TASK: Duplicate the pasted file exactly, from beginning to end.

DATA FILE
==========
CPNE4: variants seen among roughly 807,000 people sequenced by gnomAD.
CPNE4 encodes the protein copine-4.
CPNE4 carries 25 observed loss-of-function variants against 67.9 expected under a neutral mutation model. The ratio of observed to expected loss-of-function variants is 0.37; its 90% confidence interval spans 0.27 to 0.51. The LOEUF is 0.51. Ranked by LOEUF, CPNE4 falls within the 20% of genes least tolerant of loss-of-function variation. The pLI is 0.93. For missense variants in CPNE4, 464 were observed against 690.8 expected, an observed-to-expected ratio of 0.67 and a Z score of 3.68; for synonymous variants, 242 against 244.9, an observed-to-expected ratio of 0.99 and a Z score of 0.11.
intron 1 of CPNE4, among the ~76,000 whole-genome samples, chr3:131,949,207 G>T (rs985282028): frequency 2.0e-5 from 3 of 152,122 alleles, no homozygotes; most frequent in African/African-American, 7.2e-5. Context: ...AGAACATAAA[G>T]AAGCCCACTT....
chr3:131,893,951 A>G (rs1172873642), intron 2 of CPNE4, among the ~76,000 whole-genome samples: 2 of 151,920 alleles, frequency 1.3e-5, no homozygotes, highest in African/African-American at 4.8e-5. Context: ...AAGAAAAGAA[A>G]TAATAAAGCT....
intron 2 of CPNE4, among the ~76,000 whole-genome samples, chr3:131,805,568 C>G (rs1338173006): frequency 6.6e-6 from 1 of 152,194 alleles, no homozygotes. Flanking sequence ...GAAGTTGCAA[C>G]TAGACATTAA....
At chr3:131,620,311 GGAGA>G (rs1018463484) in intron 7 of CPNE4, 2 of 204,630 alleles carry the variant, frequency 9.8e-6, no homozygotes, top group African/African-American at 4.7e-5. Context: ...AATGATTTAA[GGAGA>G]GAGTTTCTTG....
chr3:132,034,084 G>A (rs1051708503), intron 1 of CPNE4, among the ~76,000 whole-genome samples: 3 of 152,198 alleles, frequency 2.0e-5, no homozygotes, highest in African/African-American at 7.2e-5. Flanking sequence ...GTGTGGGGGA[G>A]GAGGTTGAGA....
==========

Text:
CPNE4: variants seen among roughly 807,000 people sequenced by gnomAD.
CPNE4 encodes the protein copine-4.
CPNE4 carries 25 observed loss-of-function variants against 67.9 expected under a neutral mutation model. The ratio of observed to expected loss-of-function variants is 0.37; its 90% confidence interval spans 0.27 to 0.51. The LOEUF is 0.51. Ranked by LOEUF, CPNE4 falls within the 20% of genes least tolerant of loss-of-function variation. The pLI is 0.93. For missense variants in CPNE4, 464 were observed against 690.8 expected, an observed-to-expected ratio of 0.67 and a Z score of 3.68; for synonymous variants, 242 against 244.9, an observed-to-expected ratio of 0.99 and a Z score of 0.11.
intron 1 of CPNE4, among the ~76,000 whole-genome samples, chr3:131,949,207 G>T (rs985282028): frequency 2.0e-5 from 3 of 152,122 alleles, no homozygotes; most frequent in African/African-American, 7.2e-5. Context: ...AGAACATAAA[G>T]AAGCCCACTT....
chr3:131,893,951 A>G (rs1172873642), intron 2 of CPNE4, among the ~76,000 whole-genome samples: 2 of 151,920 alleles, frequency 1.3e-5, no homozygotes, highest in African/African-American at 4.8e-5. Context: ...AAGAAAAGAA[A>G]TAATAAAGCT....
intron 2 of CPNE4, among the ~76,000 whole-genome samples, chr3:131,805,568 C>G (rs1338173006): frequency 6.6e-6 from 1 of 152,194 alleles, no homozygotes. Flanking sequence ...GAAGTTGCAA[C>G]TAGACATTAA....
At chr3:131,620,311 GGAGA>G (rs1018463484) in intron 7 of CPNE4, 2 of 204,630 alleles carry the variant, frequency 9.8e-6, no homozygotes, top group African/African-American at 4.7e-5. Context: ...AATGATTTAA[GGAGA>G]GAGTTTCTTG....
chr3:132,034,084 G>A (rs1051708503), intron 1 of CPNE4, among the ~76,000 whole-genome samples: 3 of 152,198 alleles, frequency 2.0e-5, no homozygotes, highest in African/African-American at 7.2e-5. Flanking sequence ...GTGTGGGGGA[G>A]GAGGTTGAGA....